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    Several substantive observations formed the basis for this research. First, the observation of stagnating life expectancy in the United States over the first two decades of the 21st century, representing a dubious form of American exceptionalism. Second, evidence suggesting that novel measures of biological aging might provide allow for early evaluation of population-level health trajectories, based on direct observation of health status in still-living people. Third, the opportunity to apply these measures for study of population-level phenomena, using methods routinely used in the fields of sociology, demography, and economics. This dissertation represents a proof-of-concept work to support the application of biological aging measures to population health surveillance. In Chapter 2, I conduct a systematic literature review of novel measures and approaches to the quantification of population aging published since 2000, and identify 3 major classes of novel population aging measures. Biological-aging measures can be understood as a specific application of Sanderson and Scherbov’s α-ages approach, which indexes “true age” to the distribution of some aging-related characteristic in a reference sample. Relative to other novel measures and approaches, however, biological-aging algorithms hold particular promise in their ability to provide direct measures of pre-clinical, aging-related health risk across the entire adult age range of a population. In chapters 3 and 4, I apply published biological aging algorithms to blood-chemistry and organ-test data collected by the National Health and Nutrition Examination Surveys (NHANES) to test whether the U.S. population has grown biologically older over the past two decades, as some interpretations of life expectancy data would suggest, and to evaluate the extent to which selected social and environmental exposures might explain these trends. Formal age-period-cohort analysis revealed consistent period increases in biological aging from 1999-2018; while population aging slowed after the training cohort was measured in NHANES III (1988-1994), aging trajectories have reverted towards early-1990s levels since the turn of the century. Limited evidence of cohort effects was observed, with findings consistent regardless of age, race, and sex – although racial disparities in biological aging persisted over the entire study period. Kitagawa-Blinder-Oaxaca decomposition analysis of four candidate exposures (i.e., BMI, smoking status, blood lead, and urinary polycyclic aromatic hydrocarbon levels) suggested that changes in the distribution of behavioral and environmental risk factors accounted for a substantial proportion of observed period trends and/or racial disparities in biological aging over the first two decades of the 21st century. Broadly, these results suggest that measures of biological aging can provide earlier and more precise readouts of population health trajectories and their drivers, ultimately informing next-generation public health efforts to promote healthy aging and aging health equity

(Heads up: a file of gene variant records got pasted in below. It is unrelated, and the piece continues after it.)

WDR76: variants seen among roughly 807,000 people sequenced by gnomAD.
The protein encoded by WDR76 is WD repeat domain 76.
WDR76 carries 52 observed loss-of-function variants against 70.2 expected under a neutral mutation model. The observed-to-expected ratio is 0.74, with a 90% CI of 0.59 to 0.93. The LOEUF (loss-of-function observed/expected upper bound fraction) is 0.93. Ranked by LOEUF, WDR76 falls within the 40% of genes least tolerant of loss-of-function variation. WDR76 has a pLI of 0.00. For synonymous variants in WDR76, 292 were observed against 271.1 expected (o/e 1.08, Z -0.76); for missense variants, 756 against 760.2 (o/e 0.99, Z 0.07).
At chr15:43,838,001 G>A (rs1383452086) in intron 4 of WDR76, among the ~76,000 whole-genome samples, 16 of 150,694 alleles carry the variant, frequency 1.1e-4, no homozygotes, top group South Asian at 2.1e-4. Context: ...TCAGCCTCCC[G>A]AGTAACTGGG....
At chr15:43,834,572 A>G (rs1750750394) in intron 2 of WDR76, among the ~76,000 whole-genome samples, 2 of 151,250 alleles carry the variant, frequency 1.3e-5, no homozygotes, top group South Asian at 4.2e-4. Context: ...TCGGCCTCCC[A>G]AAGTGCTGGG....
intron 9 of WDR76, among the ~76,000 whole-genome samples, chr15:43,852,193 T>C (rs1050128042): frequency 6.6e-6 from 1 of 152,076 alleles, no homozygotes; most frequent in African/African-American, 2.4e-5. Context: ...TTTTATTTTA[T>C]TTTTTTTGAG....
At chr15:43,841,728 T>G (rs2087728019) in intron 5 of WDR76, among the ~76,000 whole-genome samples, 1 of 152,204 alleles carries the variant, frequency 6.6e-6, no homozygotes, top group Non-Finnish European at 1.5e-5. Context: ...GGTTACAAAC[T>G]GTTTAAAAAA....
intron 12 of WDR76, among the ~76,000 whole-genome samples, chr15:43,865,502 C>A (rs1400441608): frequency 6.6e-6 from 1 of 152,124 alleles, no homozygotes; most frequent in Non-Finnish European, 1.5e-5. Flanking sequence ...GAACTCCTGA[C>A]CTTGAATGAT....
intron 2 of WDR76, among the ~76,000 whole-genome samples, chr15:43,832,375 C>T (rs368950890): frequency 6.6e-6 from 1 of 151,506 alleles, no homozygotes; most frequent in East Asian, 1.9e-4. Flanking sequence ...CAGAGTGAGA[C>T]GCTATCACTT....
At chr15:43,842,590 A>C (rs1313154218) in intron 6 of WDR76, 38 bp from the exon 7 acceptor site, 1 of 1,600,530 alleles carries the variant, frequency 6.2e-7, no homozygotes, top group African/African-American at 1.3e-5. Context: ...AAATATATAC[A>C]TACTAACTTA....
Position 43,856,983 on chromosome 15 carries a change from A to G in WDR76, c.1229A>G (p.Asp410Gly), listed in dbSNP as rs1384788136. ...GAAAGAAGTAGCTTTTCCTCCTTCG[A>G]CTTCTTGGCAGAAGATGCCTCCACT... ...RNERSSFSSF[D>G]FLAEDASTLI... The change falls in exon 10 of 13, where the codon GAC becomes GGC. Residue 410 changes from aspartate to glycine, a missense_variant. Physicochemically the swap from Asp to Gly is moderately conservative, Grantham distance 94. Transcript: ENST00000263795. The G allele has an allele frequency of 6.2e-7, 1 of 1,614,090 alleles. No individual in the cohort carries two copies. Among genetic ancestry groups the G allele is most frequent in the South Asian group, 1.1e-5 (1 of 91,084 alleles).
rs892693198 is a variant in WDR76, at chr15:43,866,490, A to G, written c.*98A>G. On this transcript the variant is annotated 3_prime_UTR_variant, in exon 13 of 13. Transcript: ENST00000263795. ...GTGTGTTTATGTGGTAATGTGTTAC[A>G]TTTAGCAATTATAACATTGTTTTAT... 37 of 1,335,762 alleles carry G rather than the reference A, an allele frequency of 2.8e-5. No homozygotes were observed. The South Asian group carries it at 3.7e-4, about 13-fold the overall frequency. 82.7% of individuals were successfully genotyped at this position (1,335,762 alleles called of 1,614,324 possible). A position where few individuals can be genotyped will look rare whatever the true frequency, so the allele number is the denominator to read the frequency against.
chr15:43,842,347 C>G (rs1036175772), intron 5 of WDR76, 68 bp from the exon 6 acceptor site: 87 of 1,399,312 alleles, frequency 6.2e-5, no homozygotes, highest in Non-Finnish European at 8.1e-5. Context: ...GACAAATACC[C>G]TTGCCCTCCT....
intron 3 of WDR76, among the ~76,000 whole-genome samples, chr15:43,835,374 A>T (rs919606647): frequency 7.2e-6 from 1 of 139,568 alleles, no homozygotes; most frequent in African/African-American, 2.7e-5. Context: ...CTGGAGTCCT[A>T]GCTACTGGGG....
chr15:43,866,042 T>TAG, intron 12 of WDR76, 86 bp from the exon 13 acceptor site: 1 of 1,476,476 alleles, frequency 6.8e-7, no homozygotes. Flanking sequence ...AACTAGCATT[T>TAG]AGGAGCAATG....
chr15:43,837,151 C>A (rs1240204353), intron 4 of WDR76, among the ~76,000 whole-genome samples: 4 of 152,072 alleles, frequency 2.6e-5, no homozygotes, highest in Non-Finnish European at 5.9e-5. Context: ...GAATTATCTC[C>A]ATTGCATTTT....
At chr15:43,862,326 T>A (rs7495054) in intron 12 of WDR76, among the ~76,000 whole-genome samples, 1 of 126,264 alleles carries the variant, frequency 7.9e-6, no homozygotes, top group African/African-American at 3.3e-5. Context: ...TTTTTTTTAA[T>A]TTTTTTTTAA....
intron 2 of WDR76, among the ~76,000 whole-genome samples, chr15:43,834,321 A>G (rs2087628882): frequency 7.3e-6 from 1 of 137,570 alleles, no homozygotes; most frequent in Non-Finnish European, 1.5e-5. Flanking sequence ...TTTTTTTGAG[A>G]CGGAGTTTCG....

Using heterogeneous, longitudinal EHR data for risk assessment and early detection of cardiovascular disease